• Spend an extra five minutes with God. Five minutes isn’t much. It’s feasible for just about everybody. No matter what else you do, an extra five minutes can make much more of a difference than you might think. Five minutes paying. Five minutes reading Scripture. Five minutes sitting in front of an icon. Five minutes singing. This small amount of time, over time, will improve your life exponentially.
  • Read a new translation. The approved Catholic translation of the Bible is the New Revised Standard Version (Catholic Edition), and it is where we turn for our daily and liturgical readings. But often we can find inspiration and elucidation by reading another version in addition to the NRSVCE. One interesting translation is The Message, which is not a study Bible, but rather a “reading Bible.” The verse numbers have been left out of the print version to facilitate easy and enjoyable reading. 
  • Do one “good deed” a day. We are at our most fully human when we are reaching out to others. This can be a small thing—a kind word at the checkout, paying for the coffee of the person behind you in line, offering to help someone carry their groceries—but it extends God’s love through you to others.

We all want to make big, dramatic changes in our lives, but the truth is that it’s the small things that over time can make the biggest difference. Try these for a few weeks and see what happens!

Everyday Grace

Everyday Grace: Participating in God’s Creativity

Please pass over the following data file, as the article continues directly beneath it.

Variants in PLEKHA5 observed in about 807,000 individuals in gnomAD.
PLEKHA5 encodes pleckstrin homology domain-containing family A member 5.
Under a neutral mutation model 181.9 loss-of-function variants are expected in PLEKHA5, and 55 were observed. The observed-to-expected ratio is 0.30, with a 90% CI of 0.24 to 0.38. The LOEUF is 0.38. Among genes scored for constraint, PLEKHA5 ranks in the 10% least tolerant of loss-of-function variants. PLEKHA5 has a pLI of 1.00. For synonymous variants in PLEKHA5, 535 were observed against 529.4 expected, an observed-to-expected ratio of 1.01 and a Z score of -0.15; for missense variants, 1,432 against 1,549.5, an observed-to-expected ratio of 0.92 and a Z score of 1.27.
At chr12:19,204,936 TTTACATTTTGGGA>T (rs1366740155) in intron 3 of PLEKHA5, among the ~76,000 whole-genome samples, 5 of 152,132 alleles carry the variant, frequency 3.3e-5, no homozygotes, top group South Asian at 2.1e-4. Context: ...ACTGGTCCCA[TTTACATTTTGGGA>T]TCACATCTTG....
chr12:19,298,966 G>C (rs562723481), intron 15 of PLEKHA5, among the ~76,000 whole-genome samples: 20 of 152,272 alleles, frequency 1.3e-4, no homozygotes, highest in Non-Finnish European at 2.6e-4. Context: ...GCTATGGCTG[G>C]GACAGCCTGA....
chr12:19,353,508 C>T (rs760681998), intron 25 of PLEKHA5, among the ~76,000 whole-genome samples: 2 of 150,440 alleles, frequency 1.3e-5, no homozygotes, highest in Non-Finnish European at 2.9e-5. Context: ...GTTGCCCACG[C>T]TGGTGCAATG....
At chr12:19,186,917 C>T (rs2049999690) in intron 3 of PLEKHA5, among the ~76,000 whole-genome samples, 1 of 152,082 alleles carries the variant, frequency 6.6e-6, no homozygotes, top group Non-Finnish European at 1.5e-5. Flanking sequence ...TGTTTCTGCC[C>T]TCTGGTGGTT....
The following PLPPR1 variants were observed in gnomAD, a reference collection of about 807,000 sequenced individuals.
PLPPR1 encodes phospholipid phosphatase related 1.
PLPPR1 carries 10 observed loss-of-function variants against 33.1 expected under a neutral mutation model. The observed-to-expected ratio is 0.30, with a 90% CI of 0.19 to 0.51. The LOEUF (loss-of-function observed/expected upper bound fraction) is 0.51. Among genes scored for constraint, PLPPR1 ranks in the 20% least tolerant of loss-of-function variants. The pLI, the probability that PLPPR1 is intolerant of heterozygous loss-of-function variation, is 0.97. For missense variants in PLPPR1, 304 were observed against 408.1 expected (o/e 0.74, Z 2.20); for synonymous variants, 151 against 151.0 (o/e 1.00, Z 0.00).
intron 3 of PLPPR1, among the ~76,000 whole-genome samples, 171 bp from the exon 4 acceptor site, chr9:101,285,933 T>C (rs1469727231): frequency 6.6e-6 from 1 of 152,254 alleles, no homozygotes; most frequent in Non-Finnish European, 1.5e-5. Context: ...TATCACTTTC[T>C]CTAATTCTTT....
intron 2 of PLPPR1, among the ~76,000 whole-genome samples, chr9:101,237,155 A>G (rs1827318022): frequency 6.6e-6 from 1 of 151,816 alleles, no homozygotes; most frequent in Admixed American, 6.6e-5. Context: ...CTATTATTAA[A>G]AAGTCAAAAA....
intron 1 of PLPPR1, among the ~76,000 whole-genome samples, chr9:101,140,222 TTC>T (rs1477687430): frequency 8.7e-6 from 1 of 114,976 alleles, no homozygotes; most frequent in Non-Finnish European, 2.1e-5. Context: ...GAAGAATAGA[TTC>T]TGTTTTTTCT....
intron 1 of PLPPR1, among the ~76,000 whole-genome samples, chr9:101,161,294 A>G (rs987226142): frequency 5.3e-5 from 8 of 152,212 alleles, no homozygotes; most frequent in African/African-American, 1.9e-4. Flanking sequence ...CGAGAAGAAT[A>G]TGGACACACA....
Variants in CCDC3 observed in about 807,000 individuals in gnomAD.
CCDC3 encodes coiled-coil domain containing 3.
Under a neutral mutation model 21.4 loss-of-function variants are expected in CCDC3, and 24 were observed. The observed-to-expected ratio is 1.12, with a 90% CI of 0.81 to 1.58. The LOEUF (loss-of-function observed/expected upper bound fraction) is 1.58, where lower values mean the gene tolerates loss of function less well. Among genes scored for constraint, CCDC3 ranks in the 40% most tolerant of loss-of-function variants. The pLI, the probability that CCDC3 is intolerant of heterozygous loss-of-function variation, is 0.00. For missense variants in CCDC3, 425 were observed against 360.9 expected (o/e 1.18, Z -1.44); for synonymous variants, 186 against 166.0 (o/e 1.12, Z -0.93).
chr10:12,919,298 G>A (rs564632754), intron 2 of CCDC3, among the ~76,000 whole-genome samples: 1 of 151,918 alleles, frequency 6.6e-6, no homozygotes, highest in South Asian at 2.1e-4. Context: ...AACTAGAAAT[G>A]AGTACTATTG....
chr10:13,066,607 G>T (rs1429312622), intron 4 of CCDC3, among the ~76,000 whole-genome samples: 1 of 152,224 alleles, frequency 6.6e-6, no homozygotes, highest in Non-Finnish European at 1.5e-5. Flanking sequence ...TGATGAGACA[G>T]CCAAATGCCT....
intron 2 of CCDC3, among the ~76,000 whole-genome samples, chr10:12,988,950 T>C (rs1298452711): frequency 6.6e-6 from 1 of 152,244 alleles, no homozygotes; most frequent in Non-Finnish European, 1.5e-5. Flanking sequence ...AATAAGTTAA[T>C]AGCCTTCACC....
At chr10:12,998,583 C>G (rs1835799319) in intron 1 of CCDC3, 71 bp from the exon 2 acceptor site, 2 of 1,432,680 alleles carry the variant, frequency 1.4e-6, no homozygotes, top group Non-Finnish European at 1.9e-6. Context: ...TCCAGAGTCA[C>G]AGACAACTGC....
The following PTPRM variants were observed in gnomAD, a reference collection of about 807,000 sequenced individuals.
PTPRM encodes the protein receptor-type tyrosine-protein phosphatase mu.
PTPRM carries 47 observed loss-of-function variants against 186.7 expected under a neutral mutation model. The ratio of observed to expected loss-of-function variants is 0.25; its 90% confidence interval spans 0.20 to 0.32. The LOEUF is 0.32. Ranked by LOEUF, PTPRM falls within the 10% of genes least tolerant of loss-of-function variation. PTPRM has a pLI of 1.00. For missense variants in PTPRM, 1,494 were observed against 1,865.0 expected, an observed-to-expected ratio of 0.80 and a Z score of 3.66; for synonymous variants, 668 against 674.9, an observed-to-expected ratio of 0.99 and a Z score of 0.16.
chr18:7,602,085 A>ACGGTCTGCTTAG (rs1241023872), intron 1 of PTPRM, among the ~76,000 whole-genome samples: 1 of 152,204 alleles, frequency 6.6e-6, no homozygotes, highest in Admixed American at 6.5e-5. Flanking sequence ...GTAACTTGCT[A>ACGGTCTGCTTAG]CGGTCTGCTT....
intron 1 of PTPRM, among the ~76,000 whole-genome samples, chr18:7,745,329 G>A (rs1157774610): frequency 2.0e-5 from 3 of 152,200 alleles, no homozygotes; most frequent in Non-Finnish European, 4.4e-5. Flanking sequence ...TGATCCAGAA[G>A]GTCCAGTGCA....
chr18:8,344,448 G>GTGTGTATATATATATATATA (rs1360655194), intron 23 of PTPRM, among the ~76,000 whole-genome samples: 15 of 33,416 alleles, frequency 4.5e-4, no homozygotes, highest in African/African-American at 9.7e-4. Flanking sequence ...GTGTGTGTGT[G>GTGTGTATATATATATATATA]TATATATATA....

Imagine trying to apply Jesus’ Golden Rule without creativity! He said, “In everything, do to others as you would have them do to you” (Matthew 7:12). So… how do you figure out what that is? By using your imagination! By putting yourself in that other person’s space. By participating in God’s creative work. We are made in God’s image, and therefore we participate in his creativity. But some days it’s not easy to feel creative. How can you manifest it today?

Here are some ideas:

  1. Ask yourself, “What if?” Every time we worry or feel discouraged, there’s always a counter-suggestion our creative minds can make. What if there could be a better food pantry in your community? What if that tired wall in your bedroom could be freshened up with an image or reminder of God’s beautiful creation? “What if” is the first step toward making change—toward creating!
  2. See what’s out there. Yes, as G.K. Chesterton pointed out, the grass is green. But how extraordinary, when you think of it, that it should be green! What a creative, beautiful color! Look at the world afresh and it will inspire you.
  3. Know you’re already doing it. You imagine every time you make a plan, whether it’s what to cook for dinner or how to educate your grandchildren. As long as you’re engaging with your mind and visualizing outcomes, you’re being creative.

God is a creator, and we as children of God have a creative side. We have a desire to make something new and beautiful. God’s world rings with wonders and we all have a part to play in the overall symphony.

Everyday Grace

Everyday Grace: 3 Ways to Persevere

Endure and persevere. If we asked our ancestors the way through a crisis, chances are good their advice would include those words. A person who has perseverance endures, no matter what the trials or how much suffering or grief they have to go through. It’s from the root word meaning “to remain under.” It means a person would be willing to remain under trials, if necessary, and to follow God’s way. But how do we find that depth and breadth of perseverance?

  1. Read Scripture. We all look for how-to manuals; and we have one in the Bible. You’ll find if you read the Bible regularly, you’ll be less likely to get upset. (The opposite is also true: if you’re not reading the Bible regularly you’re more likely to become stressed and overreact to little things.)